Should I Take a Plea Bargain
A plea offer is a suggestion, usually from the prosecutor, for a deal in which the state gets to save the time and resources required to prove guilt beyond a reasonable doubt to a jury, and a defendant gets to save themselves the concern associated with not knowing what their sentence will be.
A plea offer is normally put forward after arraignment, but still early in discovery. Similar to the opening bet in a hand of poker, a defendant and their attorney can infer the prosecutor's feelings regarding the strength of the case. Though each case is different, some general considerations may be helpful when determining whether you should take a plea deal. It is rarely a simple decision.
First, remember plea bargains are not necessarily a bad thing. Numbers don't lie. Most cases (over 90% in most jurisdictions) are resolved by plea. This is typically the best resolution when a fair offer is presented. A jury trial carries with it an uncertainty that most people, including prosecutors, cannot tolerate. The main reason a defendant takes a plea deal is to limit risk. Once a plea is accepted, the agreed punishment and protection from double jeopardy are locked in. Nothing worse can happen. Naturally, nothing better can happen either.
The downside of a guilty plea is an acquittal or better deal is forever taken out of the equation. Nevertheless, if the offer is a “bargain”, then accepting the offer makes sense. The real trick is determining whether the offer proposed is actually a "bargain". This requires a dedicated and experienced criminal defense attorney.
In deciding how beneficial the plea offer would be, a defendant (hopefully with the help of their attorney) should consider if the result would be better than what a jury or judge would typically dish out. In determining what a jury or judge would do, the criminal lawyer should weigh three things: 1) the strength of the State's case, 2) the background of the accused, and 3) the full implications of the sentence.
If the State's case is weak and a conviction will be difficult, a “bargain” will likely require a substantial reduction in punishment, this may include a full or partial suspension of jail time or a reduction in charges. If the State's case is so weak that convincing a jury is unlikely, a guilty plea is never a "bargain". (A lawyer who has tried a substantial number of cases will know If evidence is lacking, and whether dismissal is the only acceptable resolution.)
Conversely, if the State's case is strong then an involving greater punishment may still be reasonable. If a prosecutor feels he can't possibly lose the case, then I try to leverage the size of the prosecutor's docket and entice them by reminding them how much time and resources trials take when my client is willing to plea.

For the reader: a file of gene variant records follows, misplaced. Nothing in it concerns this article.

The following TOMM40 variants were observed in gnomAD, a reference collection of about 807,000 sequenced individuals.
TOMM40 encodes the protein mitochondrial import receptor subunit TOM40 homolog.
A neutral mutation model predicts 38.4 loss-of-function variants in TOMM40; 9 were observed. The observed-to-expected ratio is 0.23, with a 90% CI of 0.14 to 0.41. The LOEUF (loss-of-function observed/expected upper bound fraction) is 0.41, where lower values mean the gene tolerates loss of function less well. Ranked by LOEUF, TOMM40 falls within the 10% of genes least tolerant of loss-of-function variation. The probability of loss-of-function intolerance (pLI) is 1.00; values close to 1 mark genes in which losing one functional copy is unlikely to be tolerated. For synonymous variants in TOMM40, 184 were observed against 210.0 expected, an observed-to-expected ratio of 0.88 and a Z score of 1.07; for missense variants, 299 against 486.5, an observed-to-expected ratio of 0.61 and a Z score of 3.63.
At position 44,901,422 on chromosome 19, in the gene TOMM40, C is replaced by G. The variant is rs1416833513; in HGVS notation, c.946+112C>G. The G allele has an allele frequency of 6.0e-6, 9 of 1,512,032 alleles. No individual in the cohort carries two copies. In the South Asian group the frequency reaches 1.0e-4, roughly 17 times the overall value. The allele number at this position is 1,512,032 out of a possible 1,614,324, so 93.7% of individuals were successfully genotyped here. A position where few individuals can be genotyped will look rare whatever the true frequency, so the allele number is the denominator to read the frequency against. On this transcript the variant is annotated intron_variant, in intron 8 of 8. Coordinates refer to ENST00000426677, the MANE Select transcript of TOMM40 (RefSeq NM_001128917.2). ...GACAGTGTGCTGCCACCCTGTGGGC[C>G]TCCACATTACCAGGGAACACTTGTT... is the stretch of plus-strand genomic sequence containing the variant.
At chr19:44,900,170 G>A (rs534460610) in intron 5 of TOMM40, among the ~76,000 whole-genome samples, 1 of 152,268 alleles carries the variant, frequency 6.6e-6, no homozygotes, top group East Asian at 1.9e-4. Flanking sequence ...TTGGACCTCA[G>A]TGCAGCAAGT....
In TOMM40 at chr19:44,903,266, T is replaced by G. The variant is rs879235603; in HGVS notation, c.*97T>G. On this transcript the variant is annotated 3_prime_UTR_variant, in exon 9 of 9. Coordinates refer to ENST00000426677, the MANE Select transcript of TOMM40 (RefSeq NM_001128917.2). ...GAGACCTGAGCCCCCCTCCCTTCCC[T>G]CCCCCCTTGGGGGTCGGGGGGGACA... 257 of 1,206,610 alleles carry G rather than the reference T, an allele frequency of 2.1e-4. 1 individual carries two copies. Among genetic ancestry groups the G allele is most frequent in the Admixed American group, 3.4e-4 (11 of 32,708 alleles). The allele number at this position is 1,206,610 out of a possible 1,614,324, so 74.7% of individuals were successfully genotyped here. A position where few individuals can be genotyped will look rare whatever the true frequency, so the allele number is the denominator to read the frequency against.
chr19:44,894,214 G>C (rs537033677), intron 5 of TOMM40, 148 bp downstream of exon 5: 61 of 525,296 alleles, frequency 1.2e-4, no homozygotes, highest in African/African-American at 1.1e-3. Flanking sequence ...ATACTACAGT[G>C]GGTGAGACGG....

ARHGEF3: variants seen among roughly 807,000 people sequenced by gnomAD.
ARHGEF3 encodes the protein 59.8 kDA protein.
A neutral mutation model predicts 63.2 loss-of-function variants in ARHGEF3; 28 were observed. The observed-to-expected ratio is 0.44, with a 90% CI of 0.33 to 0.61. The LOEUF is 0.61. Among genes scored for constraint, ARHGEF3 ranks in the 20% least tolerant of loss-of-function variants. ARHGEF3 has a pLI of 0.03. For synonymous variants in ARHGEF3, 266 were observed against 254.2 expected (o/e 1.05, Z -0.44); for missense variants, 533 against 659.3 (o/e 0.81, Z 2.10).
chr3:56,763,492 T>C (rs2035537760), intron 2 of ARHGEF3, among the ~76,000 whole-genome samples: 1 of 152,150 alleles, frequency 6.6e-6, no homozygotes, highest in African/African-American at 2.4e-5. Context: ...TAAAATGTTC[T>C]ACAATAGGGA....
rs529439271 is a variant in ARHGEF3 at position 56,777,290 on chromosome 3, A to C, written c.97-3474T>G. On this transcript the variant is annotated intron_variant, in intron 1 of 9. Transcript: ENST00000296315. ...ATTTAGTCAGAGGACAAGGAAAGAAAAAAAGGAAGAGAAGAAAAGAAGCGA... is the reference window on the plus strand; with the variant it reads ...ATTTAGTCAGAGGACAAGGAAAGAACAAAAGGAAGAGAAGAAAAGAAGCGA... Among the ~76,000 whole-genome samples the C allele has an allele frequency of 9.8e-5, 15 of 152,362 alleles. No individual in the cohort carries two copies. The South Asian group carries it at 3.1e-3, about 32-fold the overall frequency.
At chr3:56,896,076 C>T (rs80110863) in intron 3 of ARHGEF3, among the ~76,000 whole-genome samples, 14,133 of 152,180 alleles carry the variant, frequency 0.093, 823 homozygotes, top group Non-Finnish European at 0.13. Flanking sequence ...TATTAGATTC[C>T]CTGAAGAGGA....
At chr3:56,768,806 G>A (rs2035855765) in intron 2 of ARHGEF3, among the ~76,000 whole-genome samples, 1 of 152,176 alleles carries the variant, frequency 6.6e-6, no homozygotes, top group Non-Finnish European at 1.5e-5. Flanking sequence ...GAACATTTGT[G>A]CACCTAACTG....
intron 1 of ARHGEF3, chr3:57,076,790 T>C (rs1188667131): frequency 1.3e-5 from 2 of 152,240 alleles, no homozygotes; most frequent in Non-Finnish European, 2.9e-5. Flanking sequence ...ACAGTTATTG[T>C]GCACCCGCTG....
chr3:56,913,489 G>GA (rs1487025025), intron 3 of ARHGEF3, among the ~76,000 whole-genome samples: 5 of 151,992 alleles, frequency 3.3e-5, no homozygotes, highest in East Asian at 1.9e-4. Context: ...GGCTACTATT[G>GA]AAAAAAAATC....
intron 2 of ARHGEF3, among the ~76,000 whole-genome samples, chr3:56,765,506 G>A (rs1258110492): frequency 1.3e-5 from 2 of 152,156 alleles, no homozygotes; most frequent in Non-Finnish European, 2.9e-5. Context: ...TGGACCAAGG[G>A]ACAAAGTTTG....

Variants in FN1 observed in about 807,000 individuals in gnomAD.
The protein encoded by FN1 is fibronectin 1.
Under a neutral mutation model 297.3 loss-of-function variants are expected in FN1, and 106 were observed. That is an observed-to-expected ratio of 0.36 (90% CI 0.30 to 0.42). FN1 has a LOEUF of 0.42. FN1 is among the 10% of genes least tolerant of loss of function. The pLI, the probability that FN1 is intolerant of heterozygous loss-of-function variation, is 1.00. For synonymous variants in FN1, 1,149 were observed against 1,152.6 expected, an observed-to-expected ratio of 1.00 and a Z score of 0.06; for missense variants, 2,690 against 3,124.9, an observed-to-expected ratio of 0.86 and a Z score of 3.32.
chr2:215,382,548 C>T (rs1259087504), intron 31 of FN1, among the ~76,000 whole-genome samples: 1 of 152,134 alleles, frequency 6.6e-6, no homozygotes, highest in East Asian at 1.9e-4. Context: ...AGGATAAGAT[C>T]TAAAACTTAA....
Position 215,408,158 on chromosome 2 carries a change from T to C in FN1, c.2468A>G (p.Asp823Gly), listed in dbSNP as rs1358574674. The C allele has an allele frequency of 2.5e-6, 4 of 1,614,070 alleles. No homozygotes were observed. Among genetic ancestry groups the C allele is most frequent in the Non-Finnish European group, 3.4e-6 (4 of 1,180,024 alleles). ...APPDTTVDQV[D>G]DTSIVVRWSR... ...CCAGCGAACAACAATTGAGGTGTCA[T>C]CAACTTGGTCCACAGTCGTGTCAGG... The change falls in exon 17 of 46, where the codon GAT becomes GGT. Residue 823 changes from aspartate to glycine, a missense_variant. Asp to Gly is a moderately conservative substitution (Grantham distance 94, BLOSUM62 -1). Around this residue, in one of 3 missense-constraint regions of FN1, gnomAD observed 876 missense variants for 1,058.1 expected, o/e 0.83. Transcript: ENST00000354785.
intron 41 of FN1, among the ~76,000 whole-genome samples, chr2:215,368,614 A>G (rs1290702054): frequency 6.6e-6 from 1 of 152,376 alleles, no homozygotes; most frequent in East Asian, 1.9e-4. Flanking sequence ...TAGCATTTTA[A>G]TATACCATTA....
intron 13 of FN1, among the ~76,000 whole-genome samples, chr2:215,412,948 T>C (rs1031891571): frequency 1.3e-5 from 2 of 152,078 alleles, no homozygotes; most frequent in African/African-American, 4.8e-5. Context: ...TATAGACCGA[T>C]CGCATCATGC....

The background of the accused matters. Prior convictions may change the punishment range and take probation off the table. A defendant who has spent time in prison can expect to be sentenced to more time for each subsequent conviction.
If the accused has no criminal record and has developed relationships with solid members of the community, either through family, associations or employment, this can be presented to the jury and will typically weigh in the defendant's favor. Sometimes this information can be presented by the defense in the guilt portion of the trial. (Sometimes this information alone convinces the prosecution to offer less punishment, or even dismissal.)
The full implication of any punishment should always be explained to a defendant by their attorney. If you still have questions, you need to find time to ask them and have them answered to your full satisfaction. Some charges may involve registration, some will require a higher percentage of a jail sentence be served. These are important factors in considering a plea offer.
All of this information must be weighed by the defense attorney in determining what risk his client would be facing in the event of a jury trial. A criminal lawyer with extensive trial experience is best capable of making this assessment. In a vacuum, the decision should be simple. If the offer is not better than what the defense attorney believes the jury or judge is likely to impose, including acquittal, then he should advise his client to proceed to trial. If the offer is better than what he would expect the jury or judge to impose, the offer should be accepted. However, in practice the decision is not so easy.
In making your decision, you might want to ask a different question. Do you trust your criminal lawyer's experience and dedication? Do you believe he has your best interest at heart? Has he explained to you his reasoning for his advice? Do you trust him? If so, you should take his counsel. You don't want to be asking a different question ten years from now and wonder why you didn't take your lawyer's advice in the first place.
If you are facing any of these questions call Lawrence Law Firm and get the legal help you need!
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